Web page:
Mario Waissbluth, a blogger for La Tercera newspaper, recently wrote about the gap in incomes between rich and poor Chileans, and advocates an increase in corporation and other taxes to narrow the gap. There is great inequality in Chile, but his call for tax increases on rich people is wrong for numerous reasons such as his failure to identify the causes of income inequality. Nathan Lustig, co-founder of Entrustet, describing the potential of the Amazon Kindle in South America, more constructively suggests that Chile stop imposing punishing taxes on people buying educational products such as books and consumer electronics such as the Amazon Kindle and personal computers.
Waissbluth mistakenly believes that increasing corporate income taxes redistributes income even though corporations consider taxes a normal business expense and pass it along to their customers. In other words, corporations collect taxes for the government, but do not pay taxes. Investors make decisions based on the prospect of profits calculated after taxes and other expenses are paid.
Waissbluth also notes that government spending in Chile is much lower than in other rich countries and advocates bigger government and using it to redistribute income. He believes that behind every great fortune lies a great crime, a discredited theory I discussed in an earlier post. A good government does not to steal money from any group, even rich people, for the benefit of others; instead, it enriches every citizen with every law. Legislators should focus on repealing unjust laws rather creating new injustices. Otherwise, every citizen tries to live at the expense of everyone else.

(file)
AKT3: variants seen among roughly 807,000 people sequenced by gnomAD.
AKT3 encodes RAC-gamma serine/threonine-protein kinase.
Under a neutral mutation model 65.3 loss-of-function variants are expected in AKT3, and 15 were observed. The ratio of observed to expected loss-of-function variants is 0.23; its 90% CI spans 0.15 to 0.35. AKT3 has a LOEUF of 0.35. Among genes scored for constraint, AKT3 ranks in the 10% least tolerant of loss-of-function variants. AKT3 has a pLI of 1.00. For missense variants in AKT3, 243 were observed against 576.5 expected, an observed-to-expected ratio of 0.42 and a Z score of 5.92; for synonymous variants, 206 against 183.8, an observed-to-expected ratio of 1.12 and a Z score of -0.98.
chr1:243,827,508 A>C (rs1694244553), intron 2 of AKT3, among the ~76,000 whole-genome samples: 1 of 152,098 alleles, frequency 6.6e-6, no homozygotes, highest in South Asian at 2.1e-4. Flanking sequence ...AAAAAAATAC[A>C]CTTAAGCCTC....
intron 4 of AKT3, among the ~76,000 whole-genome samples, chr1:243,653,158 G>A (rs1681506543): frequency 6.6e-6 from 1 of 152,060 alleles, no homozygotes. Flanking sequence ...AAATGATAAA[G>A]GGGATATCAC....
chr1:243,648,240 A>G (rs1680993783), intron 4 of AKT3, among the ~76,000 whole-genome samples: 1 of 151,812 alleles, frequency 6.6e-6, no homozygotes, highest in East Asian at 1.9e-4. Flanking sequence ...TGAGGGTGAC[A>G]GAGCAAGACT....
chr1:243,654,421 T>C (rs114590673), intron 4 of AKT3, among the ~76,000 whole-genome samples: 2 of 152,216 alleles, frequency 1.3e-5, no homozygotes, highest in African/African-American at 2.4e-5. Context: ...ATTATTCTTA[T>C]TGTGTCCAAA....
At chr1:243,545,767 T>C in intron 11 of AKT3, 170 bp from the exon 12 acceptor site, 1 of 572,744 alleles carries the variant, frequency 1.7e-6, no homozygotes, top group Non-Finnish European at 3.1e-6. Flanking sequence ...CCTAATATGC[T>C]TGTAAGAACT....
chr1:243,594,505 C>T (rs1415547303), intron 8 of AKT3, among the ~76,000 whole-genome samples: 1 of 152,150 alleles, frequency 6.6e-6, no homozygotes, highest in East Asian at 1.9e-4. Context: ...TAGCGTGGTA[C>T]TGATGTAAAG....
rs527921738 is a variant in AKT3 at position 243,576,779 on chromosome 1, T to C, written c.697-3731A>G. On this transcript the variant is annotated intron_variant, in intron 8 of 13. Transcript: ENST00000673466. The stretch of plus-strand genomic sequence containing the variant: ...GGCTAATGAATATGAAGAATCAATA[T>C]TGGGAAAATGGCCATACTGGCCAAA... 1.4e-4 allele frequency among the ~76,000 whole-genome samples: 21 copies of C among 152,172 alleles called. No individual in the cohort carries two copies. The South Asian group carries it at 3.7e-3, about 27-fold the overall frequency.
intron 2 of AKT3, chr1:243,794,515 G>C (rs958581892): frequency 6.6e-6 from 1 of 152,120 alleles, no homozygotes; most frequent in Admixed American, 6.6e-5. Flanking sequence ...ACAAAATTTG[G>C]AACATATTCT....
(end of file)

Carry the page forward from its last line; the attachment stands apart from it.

Chile is one of the few rich countries with a booming economy; most are suffering under the weight of the enormous debts and should not be imitated. Waissbluth points out that Chilean government is more efficient than the United States, Germany, Japan, Israel, Britain, and South Korea; but fails to note that small government is more efficient than large. Chile would become more corrupt if government spending were increased.
Chile should aspire to be the Hong Kong economy of South America; Hong Kong was a poor country 50 years ago that has become rich and is the country with the most freedoms. Singapore is a model economy that attracted investor Jim Rogers to emigrate from New York, although it restricts the press and curtails other freedoms (chewing gum is outlawed!). Government consumes 19% of the economy in the three countries and each has grown much faster during the last 5 years than the United States, Japan, and Germany. These governments may seem small to Mario Waissbluth and other Marxists, but is enormous compared to the United States government of 1929 that consumed 4% of the economy and was the richest country in the world.